BLR provide tips on investigating an accident in the workplace

The goal of an accident investigation is to prevent the recurrence of the accident.

The 6-step investigation strategy:

• Gather information

•Search for and establish facts

• Isolate essential contributing factors

• Find root causes

• Determine corrective actions

• Implement corrective actions

• Contains sufficient information to allow a determination of probable cause


Let’s take a closer look at each of these steps.

  • Gather information. Get a brief overview of the situation from witnesses and employees directly involved in the incident. At this point a detailed report is not required. You just need enough information to understand the basics of what happened. Interview victims and witnesses as soon as possible after the incident, but do not interrupt medical care to interview. Interview each person separately and do not allow witnesses to confer prior to the interview. During the interview put the person at ease. People may be reluctant to discuss the incident, particularly if they think someone will get in trouble. Reassure them that this is a fact-finding process only. Remind them that these facts will be used to prevent a recurrence of the incident. Get a written, signed statement from the witness. It is best if the witness writes his or her own statement, but otherwise interview notes signed by the witness may be used.
  • Establish facts. Examine the accident scene, looking for things that will help you understand what happened. This includes looking for dents, cracks, scrapes, splits, etc. in equipment; tire tracks, footprints, etc.; spills or leaks; scattered or broken parts; and so on. Also take photographs. Photograph any items or scenes that may provide an understanding of what happened to anyone who was not there. Photograph any items that will not remain or that will be cleaned up (spills, tire tracks, footprints, etc.). In addition, review records. Check training records to determine if appropriate training was provided and when training was provided. Check equipment maintenance records to find out if regular PM or service was provided or if there is a recurring type of failure. Check accident records to find out if there have been similar incidents or injuries involving other employees.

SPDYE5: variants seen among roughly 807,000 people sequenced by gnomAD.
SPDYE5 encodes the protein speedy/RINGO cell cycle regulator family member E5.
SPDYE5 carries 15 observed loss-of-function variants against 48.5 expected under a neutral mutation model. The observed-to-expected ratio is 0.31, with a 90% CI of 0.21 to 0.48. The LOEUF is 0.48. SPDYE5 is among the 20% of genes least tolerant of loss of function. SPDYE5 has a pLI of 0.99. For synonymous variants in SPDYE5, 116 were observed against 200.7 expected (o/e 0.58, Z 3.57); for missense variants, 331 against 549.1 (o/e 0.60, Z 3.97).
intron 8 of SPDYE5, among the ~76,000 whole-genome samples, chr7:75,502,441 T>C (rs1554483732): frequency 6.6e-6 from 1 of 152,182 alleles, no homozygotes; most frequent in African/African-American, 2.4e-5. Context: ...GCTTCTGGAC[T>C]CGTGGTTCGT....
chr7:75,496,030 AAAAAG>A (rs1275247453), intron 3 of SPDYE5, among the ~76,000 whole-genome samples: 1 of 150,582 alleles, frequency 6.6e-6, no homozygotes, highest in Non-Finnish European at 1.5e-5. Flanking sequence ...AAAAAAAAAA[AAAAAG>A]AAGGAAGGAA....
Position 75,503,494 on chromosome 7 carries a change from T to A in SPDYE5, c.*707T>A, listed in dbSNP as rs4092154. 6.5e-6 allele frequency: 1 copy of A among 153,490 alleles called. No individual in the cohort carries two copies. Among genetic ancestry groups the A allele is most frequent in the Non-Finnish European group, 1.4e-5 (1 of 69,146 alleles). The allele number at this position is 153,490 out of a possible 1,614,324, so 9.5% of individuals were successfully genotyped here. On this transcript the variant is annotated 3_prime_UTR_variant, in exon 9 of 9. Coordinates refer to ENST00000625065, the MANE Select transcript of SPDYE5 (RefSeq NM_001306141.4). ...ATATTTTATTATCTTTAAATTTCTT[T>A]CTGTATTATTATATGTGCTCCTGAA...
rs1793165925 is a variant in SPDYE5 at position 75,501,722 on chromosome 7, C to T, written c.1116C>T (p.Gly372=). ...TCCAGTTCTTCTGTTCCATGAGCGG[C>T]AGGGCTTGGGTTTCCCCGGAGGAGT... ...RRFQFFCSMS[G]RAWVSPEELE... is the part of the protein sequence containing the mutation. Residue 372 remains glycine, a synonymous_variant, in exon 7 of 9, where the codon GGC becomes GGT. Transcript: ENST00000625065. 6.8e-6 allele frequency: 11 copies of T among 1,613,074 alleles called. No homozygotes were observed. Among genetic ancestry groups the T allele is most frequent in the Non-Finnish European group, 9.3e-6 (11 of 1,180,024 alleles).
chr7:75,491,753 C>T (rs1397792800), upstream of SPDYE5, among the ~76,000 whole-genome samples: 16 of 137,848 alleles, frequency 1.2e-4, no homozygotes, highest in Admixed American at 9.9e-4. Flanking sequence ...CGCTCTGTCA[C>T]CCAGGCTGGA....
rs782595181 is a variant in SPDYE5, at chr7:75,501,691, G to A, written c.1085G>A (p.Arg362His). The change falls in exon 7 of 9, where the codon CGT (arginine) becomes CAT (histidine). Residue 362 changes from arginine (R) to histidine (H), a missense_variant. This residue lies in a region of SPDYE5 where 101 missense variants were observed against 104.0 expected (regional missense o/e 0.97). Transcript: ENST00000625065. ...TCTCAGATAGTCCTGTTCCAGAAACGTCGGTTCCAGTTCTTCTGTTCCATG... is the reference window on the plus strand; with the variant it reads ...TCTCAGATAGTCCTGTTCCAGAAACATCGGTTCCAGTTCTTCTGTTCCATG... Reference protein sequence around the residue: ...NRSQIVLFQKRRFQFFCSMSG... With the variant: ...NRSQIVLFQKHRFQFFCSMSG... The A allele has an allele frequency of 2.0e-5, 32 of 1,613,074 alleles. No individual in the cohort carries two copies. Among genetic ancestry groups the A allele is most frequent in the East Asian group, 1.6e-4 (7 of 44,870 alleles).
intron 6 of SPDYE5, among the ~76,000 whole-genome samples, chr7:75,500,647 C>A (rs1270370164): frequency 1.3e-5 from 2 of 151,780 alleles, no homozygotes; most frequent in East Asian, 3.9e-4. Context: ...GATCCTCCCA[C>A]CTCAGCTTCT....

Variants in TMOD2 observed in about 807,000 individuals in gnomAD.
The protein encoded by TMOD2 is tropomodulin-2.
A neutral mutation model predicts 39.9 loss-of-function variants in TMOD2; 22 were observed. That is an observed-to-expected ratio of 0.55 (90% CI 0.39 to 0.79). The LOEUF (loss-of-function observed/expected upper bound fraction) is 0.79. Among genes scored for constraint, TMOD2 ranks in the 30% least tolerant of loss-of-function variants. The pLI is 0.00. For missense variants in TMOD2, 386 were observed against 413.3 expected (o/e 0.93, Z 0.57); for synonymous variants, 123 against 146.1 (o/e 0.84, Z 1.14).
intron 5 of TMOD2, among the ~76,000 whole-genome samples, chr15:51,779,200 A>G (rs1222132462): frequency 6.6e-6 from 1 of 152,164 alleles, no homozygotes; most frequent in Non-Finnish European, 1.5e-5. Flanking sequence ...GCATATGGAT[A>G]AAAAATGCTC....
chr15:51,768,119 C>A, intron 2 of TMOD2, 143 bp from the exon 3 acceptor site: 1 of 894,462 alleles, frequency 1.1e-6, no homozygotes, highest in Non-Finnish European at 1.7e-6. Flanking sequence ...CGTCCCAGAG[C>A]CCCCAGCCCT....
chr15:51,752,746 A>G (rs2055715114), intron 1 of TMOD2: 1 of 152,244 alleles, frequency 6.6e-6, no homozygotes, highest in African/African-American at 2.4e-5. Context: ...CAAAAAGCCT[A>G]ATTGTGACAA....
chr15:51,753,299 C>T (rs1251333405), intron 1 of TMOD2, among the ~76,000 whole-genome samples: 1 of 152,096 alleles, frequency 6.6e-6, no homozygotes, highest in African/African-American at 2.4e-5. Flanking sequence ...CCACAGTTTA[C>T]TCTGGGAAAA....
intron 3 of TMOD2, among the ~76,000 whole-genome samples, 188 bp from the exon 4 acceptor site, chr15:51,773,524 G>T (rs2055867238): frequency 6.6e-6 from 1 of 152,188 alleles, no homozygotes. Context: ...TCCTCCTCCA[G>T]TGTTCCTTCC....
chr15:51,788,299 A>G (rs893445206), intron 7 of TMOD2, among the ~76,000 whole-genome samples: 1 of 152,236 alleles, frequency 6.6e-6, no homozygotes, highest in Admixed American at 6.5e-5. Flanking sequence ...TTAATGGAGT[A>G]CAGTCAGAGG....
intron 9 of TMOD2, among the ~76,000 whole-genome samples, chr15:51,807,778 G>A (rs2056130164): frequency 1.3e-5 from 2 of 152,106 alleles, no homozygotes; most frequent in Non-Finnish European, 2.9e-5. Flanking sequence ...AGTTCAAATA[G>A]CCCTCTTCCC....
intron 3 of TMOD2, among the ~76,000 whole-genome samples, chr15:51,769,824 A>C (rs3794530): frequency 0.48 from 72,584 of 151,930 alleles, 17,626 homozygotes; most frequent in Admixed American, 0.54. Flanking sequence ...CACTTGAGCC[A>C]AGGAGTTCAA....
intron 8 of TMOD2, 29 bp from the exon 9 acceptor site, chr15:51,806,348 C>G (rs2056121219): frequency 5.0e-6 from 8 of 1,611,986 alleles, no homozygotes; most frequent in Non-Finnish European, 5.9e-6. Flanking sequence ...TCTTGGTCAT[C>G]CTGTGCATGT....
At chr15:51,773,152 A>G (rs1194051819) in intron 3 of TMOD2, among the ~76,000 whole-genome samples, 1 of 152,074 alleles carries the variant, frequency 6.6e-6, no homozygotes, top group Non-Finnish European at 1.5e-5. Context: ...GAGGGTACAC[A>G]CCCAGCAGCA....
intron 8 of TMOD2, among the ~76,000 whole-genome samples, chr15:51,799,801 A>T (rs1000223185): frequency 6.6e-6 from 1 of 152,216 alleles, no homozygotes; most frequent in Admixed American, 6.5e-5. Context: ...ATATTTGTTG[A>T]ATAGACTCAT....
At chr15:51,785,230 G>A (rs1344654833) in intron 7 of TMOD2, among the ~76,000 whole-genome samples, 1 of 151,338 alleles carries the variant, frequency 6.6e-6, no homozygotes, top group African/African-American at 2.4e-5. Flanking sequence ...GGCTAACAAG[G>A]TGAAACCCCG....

Accident investigations are an important component of any successful safety program, and the better, more comprehensive, and detailed they are the more useful they can be.


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Help! What would you do

I realized today that entrepreneurship is tough, there maybe times when you may even lose a few friends along the way.

Today I received a disturbing message from someone I considered a friend/mentor, what was disheartening is that I was warned and thought no he is not like that. What hurts so much is that I honestly thought he valued our friendship as much as I did. In addition, what I was confronted with was simply hearsay and not facts, that’s what hurts most.

I’ve heard others tell me business is business , but is that always best. Do you take clients from someone who you thought was a friend simply because business is business? Do you step on each other’s throat because business is business? If you’re asked about a service that you and a friend provide by your friend’s client, do you simply say business is business? And now that I’m hurt do I sign these contracts?

Some would say yes, but I do not wish to do so.